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Military readiness vital to U.S. Mobility Forces

62nd Maintenance Group

Published: 03:45PM March 22nd, 2018

U.S. Air Force Photo / 2016

Senior Airman Jacob Remstrom (right) and Staff Sgt. Nathan Kuhn, 62nd Maintenance Squadron hydraulics systems specialists, remove a broken hydraulic reservoir on a C-17 Globemaster III, at North Island Naval Station, Calif., Feb. 18, 2016. Remstrom and Kuhn were two members of a McChord Maintenance Recovery Team sent from Joint Base Lewis-McChord to repair the C-17.

Our nation is a superpower because we can go wherever we need to, whenever we need to, for as long as we need to. Other nations may be able to launch a missile, sail a ship or deploy some small force to other parts of the world, but no other nation on Earth has Mobility Forces like ours.

Only our fleets of tankers and airlifters can deliver and sustain our nation’s might, regardless of the distance, environment or circumstance. Often, we are the difference between hope and hopelessness.

Sometimes that might come in the form of combat forces, deployed to stop the actions of madmen. At other times it takes the shape of humanitarian supplies, rescue equipment and disaster relief workers running towards some of the worst situations imaginable — flooding, contagious disease or even nuclear accidents.

For some people, it is the start of an evacuation journey in the back of a large, loud gray aircraft to a place where their families can be safer and perhaps have a chance at a better life.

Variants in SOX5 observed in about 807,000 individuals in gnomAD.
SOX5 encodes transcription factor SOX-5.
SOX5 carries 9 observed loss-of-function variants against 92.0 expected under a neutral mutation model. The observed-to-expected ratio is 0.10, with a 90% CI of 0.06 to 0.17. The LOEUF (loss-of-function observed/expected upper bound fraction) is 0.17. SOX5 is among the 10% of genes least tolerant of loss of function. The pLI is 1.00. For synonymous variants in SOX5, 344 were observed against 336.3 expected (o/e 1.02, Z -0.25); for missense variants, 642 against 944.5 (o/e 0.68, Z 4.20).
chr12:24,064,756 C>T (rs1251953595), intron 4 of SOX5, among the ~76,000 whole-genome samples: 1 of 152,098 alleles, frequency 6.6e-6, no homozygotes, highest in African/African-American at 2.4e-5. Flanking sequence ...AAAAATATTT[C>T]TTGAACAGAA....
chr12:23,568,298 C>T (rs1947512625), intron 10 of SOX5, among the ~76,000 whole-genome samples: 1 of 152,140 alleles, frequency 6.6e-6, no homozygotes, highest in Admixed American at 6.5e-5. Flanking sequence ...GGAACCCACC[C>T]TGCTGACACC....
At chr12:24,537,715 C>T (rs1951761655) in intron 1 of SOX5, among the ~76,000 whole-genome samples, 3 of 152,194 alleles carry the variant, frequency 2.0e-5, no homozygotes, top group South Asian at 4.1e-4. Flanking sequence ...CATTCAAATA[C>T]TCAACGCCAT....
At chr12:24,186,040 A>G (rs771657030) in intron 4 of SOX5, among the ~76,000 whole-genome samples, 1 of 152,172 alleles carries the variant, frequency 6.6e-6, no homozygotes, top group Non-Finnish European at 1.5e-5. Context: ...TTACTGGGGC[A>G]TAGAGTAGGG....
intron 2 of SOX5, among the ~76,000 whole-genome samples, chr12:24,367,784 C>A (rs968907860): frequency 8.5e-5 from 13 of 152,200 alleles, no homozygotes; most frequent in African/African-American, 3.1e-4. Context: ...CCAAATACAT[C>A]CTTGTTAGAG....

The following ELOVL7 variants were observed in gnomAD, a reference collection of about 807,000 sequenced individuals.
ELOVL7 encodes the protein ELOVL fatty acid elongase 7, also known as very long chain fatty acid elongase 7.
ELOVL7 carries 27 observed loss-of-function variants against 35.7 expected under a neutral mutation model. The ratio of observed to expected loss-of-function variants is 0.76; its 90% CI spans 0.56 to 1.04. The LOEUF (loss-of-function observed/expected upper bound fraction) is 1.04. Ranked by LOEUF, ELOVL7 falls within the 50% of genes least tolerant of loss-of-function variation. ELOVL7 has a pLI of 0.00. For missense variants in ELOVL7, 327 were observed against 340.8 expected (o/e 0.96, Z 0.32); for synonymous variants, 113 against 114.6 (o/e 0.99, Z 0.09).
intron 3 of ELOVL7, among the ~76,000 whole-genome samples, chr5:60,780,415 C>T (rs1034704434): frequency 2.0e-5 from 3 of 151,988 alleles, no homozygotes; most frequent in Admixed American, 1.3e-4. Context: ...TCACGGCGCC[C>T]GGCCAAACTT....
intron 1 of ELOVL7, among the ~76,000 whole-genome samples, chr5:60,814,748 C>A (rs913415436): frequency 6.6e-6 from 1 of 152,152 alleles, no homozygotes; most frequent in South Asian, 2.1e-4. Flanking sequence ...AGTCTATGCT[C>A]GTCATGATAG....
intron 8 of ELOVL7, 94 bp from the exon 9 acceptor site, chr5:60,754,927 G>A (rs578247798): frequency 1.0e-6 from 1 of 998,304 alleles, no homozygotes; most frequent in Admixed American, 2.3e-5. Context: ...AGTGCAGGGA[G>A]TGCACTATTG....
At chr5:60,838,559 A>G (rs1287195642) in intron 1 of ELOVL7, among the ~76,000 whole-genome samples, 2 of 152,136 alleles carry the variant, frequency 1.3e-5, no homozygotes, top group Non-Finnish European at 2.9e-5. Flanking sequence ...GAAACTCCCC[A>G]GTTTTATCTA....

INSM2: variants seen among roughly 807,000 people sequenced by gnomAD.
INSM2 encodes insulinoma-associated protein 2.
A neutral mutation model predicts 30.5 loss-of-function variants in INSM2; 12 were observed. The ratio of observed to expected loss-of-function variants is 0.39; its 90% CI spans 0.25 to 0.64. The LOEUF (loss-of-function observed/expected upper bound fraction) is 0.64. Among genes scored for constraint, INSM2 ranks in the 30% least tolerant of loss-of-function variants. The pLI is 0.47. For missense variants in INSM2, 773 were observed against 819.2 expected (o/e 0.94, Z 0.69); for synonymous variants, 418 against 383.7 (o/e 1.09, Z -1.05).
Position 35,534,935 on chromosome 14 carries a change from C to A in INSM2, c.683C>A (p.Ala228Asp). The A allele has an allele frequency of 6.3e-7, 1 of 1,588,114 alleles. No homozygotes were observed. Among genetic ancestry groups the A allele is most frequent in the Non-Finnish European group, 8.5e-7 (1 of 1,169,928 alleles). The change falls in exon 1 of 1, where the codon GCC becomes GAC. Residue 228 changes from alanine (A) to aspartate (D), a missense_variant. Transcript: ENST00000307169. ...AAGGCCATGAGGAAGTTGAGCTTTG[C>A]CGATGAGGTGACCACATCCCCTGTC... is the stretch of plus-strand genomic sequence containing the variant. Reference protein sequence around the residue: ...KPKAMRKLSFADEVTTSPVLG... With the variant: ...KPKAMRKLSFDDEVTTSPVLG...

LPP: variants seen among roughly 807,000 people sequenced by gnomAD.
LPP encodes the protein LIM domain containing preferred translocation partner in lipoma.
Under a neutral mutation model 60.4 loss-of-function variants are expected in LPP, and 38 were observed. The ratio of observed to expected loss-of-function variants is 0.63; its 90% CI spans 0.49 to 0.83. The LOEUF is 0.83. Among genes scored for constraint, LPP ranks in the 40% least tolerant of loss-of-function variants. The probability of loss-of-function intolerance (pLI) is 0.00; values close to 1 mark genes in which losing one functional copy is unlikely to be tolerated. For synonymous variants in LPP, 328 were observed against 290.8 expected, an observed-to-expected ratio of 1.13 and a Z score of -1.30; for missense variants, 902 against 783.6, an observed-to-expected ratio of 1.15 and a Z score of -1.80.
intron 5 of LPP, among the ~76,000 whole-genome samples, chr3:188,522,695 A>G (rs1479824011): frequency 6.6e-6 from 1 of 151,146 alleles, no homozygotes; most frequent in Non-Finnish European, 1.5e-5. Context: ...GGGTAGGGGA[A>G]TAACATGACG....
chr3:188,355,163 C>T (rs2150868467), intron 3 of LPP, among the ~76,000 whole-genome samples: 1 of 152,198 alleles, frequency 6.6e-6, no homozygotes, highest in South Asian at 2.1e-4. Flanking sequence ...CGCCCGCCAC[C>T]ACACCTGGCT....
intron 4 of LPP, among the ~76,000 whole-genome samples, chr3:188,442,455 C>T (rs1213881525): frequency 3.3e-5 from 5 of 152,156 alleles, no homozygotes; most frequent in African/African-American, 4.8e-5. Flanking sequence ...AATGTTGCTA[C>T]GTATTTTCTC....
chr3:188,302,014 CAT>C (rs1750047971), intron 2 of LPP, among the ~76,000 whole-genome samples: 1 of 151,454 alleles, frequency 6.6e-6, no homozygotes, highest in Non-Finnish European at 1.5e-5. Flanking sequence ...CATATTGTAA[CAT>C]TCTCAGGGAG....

No matter how our nation responds to the world’s crises, the key to that response is you, the Airman who quietly and diligently does their part each and every day. Regardless of the responsibilities handed to you each day, what you do matters — because without you, our country could not be a force for good in the world.

When you keep yourself, your teammates and your unit ready, you keep your country safe by sustaining the ability of the mobility forces to project power around the globe.

Recently, readiness has meant additional training and qualifications for many of us. The conflicts we’ve been fighting haven’t required us to be ready for things like chemical attacks or base defense, but there are nations prepared to make us use those skills in the future.

That is why, across our Air Force, we’ve been focusing on readiness skills, equipment and tactics. Here at JBLM, we’ve flown massive airdrop formations, loaded and maintained aircraft in chemical gear and prepared to take the fight to any enemy that foolishly chooses to test us.

We’ve demonstrated the commitment and flexibility to be ready for any scenario. Our efforts have shown the world that our country cannot be threatened without great risk — and that has made many nations think twice about attacking us or our allies, knowing that they will not survive the fight.

In the future, many of us will be asked to deploy and fight. We will fight and win. There will be no chemical attack, no nuclear power capable of stopping us.

We will fight with pride and honor, confident in our teammates and our units. We will keep our country safe by taking the fight to our adversaries.

And when the fighting is over, and we have won, we will help those people to see the value of freedom, to have a chance at justice and liberty. We will continue to make the world a better place.

I am deeply grateful for each of you and all you do for this great nation. Some of you are at the beginning of your military careers, and others are serving again as civilian members of our Air Force.

Because of your service, our families and our fellow citizens have the opportunity to live in one of the greatest countries the world has ever known. Thank you for being the ready force our nation needs.